What do I do? Where’s the right way? Do I continue to religiously embrace the roll of mother/wife as that of a silent servant like all of the women before me? Do I fight expectations even among a broken reality?

In My Sights This Week (Things I Read & Watched):

I watched two documentaries that really have me rethinking food, capitalism, corruption, and our futures:

(1) “Soul Food Junkies” – about soul food within the black community in the United States and its dangerous and complicated history.

(2) “Sugar Coated” – about the insane increase of sugar consumption in North America (and the world) and how lobbying by those who sold (and currently sell) sugar had us redirecting our health concerns elsewhere.

I’m also currently watching ESPN’s multi-part series on OJ Simpson. It is so well done and gives incredible contextual history to help tell his story.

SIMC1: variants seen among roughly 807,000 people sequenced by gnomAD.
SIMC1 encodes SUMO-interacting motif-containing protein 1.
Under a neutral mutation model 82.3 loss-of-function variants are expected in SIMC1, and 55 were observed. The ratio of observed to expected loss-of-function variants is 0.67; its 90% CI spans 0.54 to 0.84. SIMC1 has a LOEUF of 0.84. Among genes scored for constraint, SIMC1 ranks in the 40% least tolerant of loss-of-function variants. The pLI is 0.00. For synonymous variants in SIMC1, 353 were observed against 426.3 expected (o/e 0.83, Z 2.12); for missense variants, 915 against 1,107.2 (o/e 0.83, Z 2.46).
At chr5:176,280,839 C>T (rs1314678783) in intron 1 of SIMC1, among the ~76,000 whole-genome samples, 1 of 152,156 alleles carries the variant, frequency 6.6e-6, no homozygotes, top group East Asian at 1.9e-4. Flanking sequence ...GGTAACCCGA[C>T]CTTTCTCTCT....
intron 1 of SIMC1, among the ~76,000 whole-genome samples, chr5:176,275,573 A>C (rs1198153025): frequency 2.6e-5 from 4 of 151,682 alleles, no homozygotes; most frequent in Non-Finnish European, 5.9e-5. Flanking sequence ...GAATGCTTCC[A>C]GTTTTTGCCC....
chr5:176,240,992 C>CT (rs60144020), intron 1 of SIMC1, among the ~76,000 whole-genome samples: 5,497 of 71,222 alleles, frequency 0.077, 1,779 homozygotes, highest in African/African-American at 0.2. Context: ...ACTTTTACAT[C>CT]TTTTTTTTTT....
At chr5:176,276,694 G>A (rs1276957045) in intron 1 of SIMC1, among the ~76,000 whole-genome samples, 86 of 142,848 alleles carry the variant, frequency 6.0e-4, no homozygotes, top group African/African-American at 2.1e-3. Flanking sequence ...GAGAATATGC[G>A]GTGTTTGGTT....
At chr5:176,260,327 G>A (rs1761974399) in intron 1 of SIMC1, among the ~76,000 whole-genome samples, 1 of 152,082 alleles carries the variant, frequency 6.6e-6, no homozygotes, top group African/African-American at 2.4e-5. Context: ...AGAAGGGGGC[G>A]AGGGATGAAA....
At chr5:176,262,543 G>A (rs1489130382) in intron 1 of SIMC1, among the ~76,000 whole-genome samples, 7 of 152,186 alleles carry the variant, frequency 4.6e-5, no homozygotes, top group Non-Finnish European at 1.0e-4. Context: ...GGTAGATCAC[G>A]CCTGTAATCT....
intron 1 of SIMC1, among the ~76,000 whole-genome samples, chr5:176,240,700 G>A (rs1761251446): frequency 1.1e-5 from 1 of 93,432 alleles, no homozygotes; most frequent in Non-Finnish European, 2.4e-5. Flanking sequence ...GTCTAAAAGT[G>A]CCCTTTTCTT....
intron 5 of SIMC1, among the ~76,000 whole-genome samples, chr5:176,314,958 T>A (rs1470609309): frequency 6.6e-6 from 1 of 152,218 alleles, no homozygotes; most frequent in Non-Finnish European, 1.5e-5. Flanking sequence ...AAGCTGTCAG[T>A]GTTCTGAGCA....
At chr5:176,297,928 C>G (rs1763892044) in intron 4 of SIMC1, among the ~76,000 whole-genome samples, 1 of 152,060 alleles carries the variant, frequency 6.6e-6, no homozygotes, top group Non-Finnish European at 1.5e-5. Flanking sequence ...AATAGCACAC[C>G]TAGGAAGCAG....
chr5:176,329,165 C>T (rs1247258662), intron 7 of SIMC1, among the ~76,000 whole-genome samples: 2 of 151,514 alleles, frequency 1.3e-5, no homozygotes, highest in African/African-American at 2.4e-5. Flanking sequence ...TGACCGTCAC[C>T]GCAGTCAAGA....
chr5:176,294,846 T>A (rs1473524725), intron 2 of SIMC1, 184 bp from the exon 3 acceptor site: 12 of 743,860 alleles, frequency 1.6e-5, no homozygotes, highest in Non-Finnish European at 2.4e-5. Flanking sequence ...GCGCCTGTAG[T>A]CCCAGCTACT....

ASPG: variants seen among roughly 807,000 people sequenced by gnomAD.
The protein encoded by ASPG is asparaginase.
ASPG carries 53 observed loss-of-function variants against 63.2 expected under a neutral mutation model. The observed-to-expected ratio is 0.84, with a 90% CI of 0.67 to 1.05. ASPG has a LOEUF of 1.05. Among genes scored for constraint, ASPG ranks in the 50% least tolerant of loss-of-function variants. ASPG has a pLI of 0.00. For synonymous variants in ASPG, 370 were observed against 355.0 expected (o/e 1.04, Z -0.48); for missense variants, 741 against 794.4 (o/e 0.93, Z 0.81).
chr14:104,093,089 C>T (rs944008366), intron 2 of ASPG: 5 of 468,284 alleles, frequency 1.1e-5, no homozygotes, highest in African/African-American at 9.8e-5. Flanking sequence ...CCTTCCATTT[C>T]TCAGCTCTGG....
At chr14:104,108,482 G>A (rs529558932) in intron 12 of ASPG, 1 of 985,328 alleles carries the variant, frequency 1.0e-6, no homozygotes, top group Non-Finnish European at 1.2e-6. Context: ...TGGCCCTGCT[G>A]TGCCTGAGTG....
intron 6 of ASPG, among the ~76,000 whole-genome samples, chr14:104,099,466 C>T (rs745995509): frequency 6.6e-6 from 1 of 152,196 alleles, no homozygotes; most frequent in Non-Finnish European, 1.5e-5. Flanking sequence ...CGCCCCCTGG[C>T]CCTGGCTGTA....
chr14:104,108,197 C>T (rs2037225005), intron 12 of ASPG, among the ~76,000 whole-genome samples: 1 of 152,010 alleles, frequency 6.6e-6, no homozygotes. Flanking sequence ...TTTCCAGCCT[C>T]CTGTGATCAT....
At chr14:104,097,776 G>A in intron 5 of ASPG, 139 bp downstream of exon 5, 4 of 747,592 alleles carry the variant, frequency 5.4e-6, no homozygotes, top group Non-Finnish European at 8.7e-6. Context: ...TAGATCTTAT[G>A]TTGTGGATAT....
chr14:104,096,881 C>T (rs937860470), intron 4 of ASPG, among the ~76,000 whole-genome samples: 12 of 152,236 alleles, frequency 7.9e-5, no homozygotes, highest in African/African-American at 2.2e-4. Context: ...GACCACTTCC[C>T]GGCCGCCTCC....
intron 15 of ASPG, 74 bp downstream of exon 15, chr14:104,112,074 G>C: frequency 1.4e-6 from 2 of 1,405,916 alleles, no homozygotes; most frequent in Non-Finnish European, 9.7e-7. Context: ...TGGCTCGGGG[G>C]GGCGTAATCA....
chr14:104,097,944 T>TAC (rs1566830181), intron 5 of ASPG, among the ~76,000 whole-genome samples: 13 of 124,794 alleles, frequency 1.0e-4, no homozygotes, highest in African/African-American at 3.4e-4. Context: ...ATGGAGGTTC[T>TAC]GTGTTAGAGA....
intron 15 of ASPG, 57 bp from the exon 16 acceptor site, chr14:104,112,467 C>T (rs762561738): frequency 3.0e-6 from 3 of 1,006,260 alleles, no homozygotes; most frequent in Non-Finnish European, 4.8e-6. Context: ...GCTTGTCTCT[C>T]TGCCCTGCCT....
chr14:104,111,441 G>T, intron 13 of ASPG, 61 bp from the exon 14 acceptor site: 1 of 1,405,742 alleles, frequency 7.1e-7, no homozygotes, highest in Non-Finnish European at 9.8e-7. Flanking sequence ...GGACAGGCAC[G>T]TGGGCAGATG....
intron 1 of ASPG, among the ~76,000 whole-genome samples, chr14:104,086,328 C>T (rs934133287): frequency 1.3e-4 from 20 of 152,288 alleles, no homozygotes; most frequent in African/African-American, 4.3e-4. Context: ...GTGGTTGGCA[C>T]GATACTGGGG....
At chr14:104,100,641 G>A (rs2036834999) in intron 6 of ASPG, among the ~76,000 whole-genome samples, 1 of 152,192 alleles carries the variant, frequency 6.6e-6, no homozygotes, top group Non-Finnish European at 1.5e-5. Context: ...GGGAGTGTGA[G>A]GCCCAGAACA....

To be honest, most of the things that I read this past week had to do with the Orlando shooting. I’m still wrapping my head around it all and get increasingly depressed about the constant fear and danger LGBTQ+ people have to live with every second of their days and nights all over the world.

3 thoughts on “The Paradox of Servant-Hood

  1. Jesus died on the cross to show us that we live in an imperfect, material world and the material world involves suffering. Even God, living in a human body, could not avoid it. We must endure it with grace and humility.

    Nelson Mandela said something like, “When you get to the top of the mountain, you find there are just more mountains.” That is the human condition. Happiness can only be found in learning to enjoy the struggles of the climb, and maybe helping others climb their mountain.

    You are young. You will learn. It really doesn’t get any easier – you simply learn to survive and prevail. That too, is the human condition.

    Enjoy the climb.

    Like